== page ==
Bank Stocks Post Solid Q1 Earnings

Bank stocks Bank of Nova Scotia and Bank of Montreal are rallying, as the banks see a return to pre-pandemic levels and a wave of optimism.

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Canadian banks have kicked off their earnings season this week. Bank of Montreal (TSX:BMO)(NYSE:BMO) reported a strong earnings. Also, Bank of Nova Scotia (TSX:BNS)(NYSE:BNS) stock is rallying on its strong earnings. Both beat expectations. And, importantly, both banks are feeling more optimistic about the future.

Let’s dive a little deeper to review the three most important takeaways from last quarter.

Here comes the sun: Canadian banks are signaling better times ahead

The banks are making the call: they’re expecting a strong economic recovery in 2021 and 2022. This bodes well for all. Bank stocks are rallying today on this notable shift. The confidence and optimism were evident on the earnings conference calls.

Bank of Montreal management put it well. They expect a “very strong recovery” in North America this year, assuming continued progress with vaccinations. So, the light at the end of the tunnel is increasingly clear. Bank of Montreal is Canada’s fourth-largest bank by market capitalization. It has one of the least-significant exposures to the Canadian personal and commercial banking (P&C) industry. This has proved beneficial in recent history. Assuming a recovery in 2021/22, this will be a negative characteristic for the bank.

Bank of Nova Scotia is showing similar results. And signaling similar optimism. Performance is returning to pre-pandemic levels. Credit trends have turned the corner. Also, returns and dividends are well supported once again. Bank stocks are once again the pillars of strength we rely on. The price chart below shows the comeback that these bank stocks have made.

Bank stocks BMO and BNS stock

Provisions for credit losses (PCLs) tumbling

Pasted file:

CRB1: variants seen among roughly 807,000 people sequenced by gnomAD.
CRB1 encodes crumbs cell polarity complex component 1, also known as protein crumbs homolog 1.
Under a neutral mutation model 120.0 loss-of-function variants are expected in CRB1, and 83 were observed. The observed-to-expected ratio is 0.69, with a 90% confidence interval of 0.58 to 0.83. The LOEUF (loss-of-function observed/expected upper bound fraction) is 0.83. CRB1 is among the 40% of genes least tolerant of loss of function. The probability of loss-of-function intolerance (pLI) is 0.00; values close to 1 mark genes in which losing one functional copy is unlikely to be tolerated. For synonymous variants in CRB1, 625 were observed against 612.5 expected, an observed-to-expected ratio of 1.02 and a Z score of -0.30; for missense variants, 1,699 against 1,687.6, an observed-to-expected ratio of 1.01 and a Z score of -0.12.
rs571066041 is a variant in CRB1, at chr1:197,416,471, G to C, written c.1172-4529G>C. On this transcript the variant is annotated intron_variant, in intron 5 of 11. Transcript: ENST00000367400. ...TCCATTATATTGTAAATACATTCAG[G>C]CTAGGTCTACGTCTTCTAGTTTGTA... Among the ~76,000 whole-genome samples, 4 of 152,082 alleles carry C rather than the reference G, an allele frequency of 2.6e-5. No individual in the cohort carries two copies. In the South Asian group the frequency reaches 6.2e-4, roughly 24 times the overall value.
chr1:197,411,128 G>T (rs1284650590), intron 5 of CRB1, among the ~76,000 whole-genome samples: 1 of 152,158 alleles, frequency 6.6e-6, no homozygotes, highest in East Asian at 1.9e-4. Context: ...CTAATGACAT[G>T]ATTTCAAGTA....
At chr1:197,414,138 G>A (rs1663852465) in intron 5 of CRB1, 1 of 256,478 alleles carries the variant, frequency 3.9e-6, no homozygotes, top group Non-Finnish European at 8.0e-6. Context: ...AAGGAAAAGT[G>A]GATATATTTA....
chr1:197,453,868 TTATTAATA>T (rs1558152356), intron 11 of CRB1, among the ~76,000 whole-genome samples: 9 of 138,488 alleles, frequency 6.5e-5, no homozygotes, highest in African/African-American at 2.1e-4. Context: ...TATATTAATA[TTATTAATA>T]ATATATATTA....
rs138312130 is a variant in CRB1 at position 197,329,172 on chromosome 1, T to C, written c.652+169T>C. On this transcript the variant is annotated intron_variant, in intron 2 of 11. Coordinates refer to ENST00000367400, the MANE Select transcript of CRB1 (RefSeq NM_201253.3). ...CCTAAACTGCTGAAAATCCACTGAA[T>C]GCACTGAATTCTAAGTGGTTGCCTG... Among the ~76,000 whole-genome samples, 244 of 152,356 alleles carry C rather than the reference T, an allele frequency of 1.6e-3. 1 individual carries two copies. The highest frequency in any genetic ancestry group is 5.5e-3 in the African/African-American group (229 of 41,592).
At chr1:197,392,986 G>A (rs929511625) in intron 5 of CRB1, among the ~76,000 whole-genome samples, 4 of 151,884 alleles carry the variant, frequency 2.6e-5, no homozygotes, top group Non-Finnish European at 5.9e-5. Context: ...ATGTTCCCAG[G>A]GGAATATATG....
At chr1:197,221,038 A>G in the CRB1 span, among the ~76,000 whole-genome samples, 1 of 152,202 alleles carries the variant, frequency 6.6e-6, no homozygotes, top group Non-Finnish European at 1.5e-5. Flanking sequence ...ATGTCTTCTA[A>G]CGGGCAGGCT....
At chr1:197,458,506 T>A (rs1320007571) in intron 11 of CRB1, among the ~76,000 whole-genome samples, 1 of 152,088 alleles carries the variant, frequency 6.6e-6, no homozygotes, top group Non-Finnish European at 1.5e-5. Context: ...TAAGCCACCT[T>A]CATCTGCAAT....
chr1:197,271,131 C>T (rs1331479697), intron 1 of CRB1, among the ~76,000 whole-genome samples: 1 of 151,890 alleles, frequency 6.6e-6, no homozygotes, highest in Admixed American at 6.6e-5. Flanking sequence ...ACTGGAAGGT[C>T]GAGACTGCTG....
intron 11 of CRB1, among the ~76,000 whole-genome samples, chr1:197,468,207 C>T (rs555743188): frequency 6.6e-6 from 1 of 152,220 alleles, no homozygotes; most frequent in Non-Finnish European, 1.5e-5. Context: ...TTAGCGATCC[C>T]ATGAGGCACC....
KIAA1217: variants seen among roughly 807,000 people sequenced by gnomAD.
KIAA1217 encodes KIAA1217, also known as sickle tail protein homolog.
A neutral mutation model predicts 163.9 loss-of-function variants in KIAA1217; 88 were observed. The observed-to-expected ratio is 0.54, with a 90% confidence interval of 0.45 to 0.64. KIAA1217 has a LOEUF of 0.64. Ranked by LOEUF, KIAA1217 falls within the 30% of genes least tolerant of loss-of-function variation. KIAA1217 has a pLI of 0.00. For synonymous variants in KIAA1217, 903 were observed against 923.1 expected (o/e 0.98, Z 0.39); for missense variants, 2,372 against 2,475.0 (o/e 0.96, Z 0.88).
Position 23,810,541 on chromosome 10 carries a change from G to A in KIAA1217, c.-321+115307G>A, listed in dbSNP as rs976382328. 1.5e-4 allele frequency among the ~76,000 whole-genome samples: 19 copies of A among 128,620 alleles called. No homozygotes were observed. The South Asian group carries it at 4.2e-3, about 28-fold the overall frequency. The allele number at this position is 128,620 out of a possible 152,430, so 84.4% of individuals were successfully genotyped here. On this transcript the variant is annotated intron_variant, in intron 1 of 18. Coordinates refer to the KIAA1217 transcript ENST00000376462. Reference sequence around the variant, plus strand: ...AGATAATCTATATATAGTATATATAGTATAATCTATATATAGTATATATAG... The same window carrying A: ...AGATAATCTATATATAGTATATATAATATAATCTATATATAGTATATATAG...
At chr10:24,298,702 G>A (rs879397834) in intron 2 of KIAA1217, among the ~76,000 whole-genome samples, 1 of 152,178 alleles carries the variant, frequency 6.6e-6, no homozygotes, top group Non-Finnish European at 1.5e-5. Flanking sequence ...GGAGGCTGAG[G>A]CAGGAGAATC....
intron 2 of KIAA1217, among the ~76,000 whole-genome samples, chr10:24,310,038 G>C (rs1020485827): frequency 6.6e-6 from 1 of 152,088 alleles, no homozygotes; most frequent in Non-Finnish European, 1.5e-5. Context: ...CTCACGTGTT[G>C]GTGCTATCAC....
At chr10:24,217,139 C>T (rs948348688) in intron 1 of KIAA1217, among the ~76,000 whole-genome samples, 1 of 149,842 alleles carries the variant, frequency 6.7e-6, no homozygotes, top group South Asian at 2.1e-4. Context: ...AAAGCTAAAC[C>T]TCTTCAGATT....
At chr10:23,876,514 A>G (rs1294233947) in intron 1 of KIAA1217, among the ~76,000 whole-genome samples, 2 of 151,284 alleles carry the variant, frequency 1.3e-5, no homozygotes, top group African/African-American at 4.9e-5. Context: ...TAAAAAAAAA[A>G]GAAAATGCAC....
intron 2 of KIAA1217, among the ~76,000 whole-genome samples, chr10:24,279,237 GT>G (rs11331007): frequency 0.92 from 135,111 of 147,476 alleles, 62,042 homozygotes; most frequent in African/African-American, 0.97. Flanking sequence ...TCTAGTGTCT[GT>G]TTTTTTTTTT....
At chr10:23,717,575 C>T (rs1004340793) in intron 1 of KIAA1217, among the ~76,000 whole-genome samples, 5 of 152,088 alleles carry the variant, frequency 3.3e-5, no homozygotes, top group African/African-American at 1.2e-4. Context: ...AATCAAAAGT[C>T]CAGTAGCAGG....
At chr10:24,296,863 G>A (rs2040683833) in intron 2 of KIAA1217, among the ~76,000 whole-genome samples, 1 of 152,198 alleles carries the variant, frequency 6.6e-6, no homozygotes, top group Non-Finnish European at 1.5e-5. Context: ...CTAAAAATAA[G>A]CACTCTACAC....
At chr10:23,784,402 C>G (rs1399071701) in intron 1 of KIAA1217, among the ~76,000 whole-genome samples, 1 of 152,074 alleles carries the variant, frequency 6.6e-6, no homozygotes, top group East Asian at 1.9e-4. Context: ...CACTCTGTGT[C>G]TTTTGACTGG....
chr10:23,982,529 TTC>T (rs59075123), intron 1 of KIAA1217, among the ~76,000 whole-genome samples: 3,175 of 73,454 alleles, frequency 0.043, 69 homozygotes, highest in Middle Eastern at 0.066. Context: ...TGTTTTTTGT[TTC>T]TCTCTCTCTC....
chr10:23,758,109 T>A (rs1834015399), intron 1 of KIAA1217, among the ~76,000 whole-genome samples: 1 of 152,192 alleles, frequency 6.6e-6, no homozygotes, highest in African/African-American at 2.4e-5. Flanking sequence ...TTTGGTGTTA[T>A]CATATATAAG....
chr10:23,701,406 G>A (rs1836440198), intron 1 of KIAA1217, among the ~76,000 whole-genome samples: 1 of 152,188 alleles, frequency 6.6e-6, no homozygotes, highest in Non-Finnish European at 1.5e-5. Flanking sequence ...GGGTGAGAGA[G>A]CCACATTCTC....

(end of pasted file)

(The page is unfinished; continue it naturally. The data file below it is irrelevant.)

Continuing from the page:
Loan impairment and provisions are moderating. This is good. This means that the banks’ lending business is improving. This means that the risk inherent in the banks’ business model is declining significantly.

For example, PCLs were down 56% at BMO. And they plummeted more than 30% at Scotiabank. This just signals an improving credit environment. And, anecdotally speaking, BMO mentioned that it’s noticing a clear rise in optimism among its lending customers.

Recall for a minute the dire situation that the banks were in less than a year ago. PCLs were soaring. The environment was riddled with uncertainty. And the economy was in tatters. Well the tide is finally turning. I said back then that the banks would make it through just as they made it through the 2008 financial crisis. Bank stocks have, in fact, thrived. Their shareholders have continued to collect their dividends and watch their positions increase in value.

Bank stocks rally on strong wealth management performance

Canadians are accumulating more wealth. We are living longer. These trends are clear in Canada. But they’re not only Canadian trends. These are global trends. And the banks and their wealth management segments are booming because of it.

For example, Bank of Nova Scotia’s global wealth management segment reported a 34% increase in earnings. Also, Bank of Montreal’s wealth management segment was particularly strong. The segment reported a more than 20% increase in net income. This shows renewed strength.

Motley Fool: The bottom line

Canadian banks have not faced their last crisis. Even this COVID pandemic crisis is not over. But we are once again being shown strength and resiliency. Canadian bank stocks like Bank of Nova Scotia are reflecting this today. The first-quarter results of banks have shown that the tide is turning. The crisis began in March 2020. It took one year of uncertainty and hardship. Those who’d bought bank stocks in the height of the uncertainty are sitting pretty today. Let’s use this as a lesson.

This article represents the opinion of the writer, who may disagree with the “official” recommendation position of a Motley Fool premium service or advisor. We’re Motley! Questioning an investing thesis — even one of our own — helps us all think critically about investing and make decisions that help us become smarter, happier, and richer, so we sometimes publish articles that may not be in line with recommendations, rankings or other content.

Fool contributor Karen Thomas has no position in any of the stocks mentioned. The Motley Fool recommends BANK OF NOVA SCOTIA.

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